I, too, have wondered how we can have so many older executives meriting(?) such high salaries, managing huge world wide corporations, while many of their contemporaries are arbitrarily judged to no longer be employable, or are relegated to lesser positions deserving of even lower pay.

I am disappointed The Economist's article wasn't informed by more current scientific brain research in their pronouncements about aging workers abilities and skills. Wonder what's happening to the publication's circulation? Maybe they could benefit from some fresh older writing blood. There must be individuals such as yourself, Ronni, from whose services they could benefit.

Find myself wondering just what kind of work they project will need to be done, that so many aging individuals won't be able to perform?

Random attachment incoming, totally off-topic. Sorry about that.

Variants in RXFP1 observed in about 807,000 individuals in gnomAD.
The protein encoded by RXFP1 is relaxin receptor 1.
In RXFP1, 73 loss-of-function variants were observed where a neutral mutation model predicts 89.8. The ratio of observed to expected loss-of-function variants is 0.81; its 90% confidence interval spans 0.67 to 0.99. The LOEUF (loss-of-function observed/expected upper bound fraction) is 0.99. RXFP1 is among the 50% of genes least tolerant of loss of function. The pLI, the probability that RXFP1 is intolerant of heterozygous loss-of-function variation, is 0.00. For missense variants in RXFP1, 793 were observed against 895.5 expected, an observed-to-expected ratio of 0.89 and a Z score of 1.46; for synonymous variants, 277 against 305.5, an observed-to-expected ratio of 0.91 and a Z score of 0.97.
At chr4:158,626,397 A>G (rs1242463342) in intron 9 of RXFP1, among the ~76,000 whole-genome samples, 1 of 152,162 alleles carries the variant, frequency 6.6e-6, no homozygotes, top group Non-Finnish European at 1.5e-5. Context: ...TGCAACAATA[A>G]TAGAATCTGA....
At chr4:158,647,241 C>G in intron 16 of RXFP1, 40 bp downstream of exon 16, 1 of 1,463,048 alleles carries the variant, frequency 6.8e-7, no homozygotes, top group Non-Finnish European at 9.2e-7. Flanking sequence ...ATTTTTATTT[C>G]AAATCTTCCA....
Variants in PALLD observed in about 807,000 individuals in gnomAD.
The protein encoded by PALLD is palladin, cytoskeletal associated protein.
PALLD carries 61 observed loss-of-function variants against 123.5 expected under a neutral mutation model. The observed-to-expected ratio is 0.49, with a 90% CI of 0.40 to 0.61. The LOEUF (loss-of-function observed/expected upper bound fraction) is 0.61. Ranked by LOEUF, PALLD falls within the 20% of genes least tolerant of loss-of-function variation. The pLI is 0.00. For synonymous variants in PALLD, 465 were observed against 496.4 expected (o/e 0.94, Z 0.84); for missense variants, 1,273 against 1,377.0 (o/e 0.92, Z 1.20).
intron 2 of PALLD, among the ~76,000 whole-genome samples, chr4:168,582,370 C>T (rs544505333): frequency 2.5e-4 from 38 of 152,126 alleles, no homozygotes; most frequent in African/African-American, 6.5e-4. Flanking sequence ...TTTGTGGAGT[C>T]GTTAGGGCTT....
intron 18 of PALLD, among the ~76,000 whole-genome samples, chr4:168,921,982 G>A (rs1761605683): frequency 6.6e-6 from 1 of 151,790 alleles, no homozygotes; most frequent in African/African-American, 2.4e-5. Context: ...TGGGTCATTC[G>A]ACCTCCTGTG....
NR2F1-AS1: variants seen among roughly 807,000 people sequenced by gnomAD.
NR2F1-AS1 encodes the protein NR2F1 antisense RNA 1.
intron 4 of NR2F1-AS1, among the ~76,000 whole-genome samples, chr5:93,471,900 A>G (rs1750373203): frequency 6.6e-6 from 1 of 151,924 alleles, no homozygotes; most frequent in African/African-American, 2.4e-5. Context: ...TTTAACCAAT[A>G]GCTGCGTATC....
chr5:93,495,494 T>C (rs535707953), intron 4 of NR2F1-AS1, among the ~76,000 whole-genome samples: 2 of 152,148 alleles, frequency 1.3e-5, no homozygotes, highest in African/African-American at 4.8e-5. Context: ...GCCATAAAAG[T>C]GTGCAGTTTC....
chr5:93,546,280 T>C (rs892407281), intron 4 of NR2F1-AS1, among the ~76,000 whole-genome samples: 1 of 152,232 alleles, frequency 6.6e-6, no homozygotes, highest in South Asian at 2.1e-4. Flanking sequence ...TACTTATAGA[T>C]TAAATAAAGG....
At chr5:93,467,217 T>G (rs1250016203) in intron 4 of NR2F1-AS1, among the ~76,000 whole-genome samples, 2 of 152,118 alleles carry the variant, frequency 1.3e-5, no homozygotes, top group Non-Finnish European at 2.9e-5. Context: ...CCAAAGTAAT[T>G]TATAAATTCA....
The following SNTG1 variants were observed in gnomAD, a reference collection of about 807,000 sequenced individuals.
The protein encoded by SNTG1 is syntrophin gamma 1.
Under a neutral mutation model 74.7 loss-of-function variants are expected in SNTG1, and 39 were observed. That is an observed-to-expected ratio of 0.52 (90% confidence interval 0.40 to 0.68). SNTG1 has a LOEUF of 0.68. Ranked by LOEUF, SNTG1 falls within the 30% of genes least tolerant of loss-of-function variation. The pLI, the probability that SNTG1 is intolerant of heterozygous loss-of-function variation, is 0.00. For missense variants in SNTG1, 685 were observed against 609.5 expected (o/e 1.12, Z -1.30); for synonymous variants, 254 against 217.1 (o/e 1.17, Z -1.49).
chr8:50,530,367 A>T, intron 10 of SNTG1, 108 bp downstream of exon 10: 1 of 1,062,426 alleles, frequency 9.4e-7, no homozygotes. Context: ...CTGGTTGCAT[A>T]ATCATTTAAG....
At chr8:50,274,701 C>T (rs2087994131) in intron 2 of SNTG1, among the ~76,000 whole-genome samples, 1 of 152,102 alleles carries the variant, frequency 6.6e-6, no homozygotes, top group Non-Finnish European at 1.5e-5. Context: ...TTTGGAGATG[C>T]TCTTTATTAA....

I must admit to feeling somewhat perplexed about how to bring to the business communities attention
what they, presumably, already know about their employment needs in the future. What does it take for them to realize that at the very least, a partial solution is right under their noses with the aging experienced worker?

Is anybody from the WH Conference on Aging following up in a meaningful way, or was that just a waste of time for all participants? They, presumably, identified the aging worker as a potent force toward solving future employment needs.

The only good news for me is that long term care is so desperate in CA, I'll be able to command top dollar to just sit at a desk and be the token RN on duty.

My corporation, during the past 3 years, has become so strict with the pre-employment physicals that I cannot hire any nurse with a previous back injury (me), high blood pressure (me), or with any restrictions on lifting (me). I am down 5 full time licensed nurses and have only been able to hire 1 nurse out of the last 4 applicants because of physical limitations. The 3 rejects were all over 45.

The very worst part of this is that I lack the mature, experienced nurses to teach my young pups the ropes.